Maria’s Island by Victoria Hislop, reviewed by Niamh

Maria’s Island is the first children’s book by Victoria Hislop, and is based on her best-selling novel The Island for adults. The main character is called Maria, who tells her granddaughter the untold story of her childhood growing-up on the Greek island of Plaka. Her home is near the island of Spinalonga, where people with a disease called leprosy have to live for the rest of their lives. 

The illustrations by Gill Smith are beautiful and help to bring the story to life, with bright, vibrant colours.

I think that the book is an important story to be told because leprosy is still a real thing and impacts on people in developing countries without the healthcare that they need, even though there is now a cure. 

Maria’s Island provides an important lesson about never giving up hope and I found it really interesting how badly people treated someone with leprosy, even somebody in their own family! The book is fiction, but the island of Spinalonga was where people with leprosy in real life had to move away to and leave their family and friends behind.

There were some upsetting bits in the book, and I would recommend reading it first with a grown-up who can explain some parts. I enjoyed this book and would like to ready more children’s books by Victoria Hislop if she writes anymore.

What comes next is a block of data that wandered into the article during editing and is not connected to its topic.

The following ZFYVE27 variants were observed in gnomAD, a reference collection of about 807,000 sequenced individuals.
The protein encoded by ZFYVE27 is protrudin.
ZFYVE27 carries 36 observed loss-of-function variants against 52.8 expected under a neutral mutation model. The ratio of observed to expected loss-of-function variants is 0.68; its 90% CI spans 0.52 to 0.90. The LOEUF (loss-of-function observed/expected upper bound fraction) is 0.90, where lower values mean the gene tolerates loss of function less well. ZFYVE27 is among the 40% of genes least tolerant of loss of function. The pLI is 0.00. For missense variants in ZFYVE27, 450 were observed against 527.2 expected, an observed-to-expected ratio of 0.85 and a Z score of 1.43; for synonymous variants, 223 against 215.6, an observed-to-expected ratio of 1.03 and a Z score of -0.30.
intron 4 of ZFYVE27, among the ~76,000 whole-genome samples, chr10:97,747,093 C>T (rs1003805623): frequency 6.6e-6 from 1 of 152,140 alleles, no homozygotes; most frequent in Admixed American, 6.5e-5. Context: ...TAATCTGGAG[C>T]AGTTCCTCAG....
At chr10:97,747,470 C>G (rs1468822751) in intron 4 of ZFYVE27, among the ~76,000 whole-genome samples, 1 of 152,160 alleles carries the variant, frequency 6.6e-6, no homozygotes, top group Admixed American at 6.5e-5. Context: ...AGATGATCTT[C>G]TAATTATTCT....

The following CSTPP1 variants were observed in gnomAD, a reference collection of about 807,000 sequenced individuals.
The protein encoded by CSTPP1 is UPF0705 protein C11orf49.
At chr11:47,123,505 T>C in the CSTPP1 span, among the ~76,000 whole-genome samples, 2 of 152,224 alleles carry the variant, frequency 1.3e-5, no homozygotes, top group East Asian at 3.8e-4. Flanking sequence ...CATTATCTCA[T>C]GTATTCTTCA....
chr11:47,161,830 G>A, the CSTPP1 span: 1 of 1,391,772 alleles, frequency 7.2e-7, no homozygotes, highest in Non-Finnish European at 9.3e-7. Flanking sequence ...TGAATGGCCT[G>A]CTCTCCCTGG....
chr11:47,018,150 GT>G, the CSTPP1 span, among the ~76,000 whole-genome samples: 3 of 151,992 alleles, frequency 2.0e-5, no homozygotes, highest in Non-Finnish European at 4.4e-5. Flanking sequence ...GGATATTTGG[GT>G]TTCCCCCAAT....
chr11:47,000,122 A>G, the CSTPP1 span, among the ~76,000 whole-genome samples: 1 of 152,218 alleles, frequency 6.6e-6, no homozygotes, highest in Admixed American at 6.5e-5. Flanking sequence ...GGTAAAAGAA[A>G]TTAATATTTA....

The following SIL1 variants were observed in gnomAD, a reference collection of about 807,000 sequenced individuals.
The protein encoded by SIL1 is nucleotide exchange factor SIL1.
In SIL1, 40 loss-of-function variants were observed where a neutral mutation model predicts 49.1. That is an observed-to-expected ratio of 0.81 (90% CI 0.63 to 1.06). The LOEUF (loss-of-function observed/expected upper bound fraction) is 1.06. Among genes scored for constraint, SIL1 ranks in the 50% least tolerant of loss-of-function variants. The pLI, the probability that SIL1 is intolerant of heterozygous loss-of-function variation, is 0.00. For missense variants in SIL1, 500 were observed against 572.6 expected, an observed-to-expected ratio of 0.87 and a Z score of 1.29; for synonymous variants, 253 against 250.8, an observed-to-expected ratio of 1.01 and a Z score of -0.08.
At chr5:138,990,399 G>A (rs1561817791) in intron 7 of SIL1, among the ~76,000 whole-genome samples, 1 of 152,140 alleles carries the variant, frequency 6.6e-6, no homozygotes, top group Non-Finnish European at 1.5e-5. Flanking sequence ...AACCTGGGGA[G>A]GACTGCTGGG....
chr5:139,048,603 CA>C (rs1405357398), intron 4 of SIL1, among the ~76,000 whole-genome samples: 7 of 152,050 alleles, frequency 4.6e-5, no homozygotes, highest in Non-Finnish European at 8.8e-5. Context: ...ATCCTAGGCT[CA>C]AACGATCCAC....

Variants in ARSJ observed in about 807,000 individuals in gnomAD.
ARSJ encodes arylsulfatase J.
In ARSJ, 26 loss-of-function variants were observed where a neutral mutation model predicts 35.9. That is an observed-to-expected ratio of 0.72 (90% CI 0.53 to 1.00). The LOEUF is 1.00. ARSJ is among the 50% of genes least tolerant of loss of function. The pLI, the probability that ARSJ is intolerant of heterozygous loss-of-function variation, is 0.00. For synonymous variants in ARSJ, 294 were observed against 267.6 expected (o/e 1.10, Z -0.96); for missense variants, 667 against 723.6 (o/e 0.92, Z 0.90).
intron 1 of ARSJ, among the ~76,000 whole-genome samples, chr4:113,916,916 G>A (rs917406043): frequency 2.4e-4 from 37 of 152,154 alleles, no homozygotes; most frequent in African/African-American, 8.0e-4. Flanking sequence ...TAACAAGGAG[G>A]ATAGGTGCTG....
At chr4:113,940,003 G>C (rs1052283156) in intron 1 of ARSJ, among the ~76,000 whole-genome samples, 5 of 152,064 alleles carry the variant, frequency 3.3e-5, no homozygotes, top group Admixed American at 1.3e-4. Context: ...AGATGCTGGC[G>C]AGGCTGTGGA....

Perfect for fans of: When Fishes Flew by Michael Morpurgo, andAfter the War: From Auschwitz to Ambleside by Tom Palmer.

Hello! My name is Niamh and I’m aged 9. I’m an avid reader and some of my favourite authors and illustrators are Laura Ellen Anderson, Steven Butler, Steven Lenton, Sophy Henn and Sophie Anderson. I want to be an author and illustrator when I’m older and I love to write and draw in my spare time. I like to recommend books to my friends at school and believe you can never have too many books, even though I’m running out of space on my bookshelves! 

About the book:

A dramatic and moving story set in the same world as the international bestseller The Island from the celebrated novelist Victoria Hislop.  
The absorbing story of the Cretan village of Plaka and the tiny, deserted island of Spinalonga – Greece’s former leper colony – is told to us by Maria Petrakis, one of the children in the original version of The Island . She tells us of the ancient and misunderstood disease of leprosy, exploring the themes of stigma, shame and the treatment of those who are different, which are as relevant for children as adults. Gill Smith’s rich, full-colour illustrations will transport the reader to the timeless and beautiful Greek landscape and Mediterranean seascape.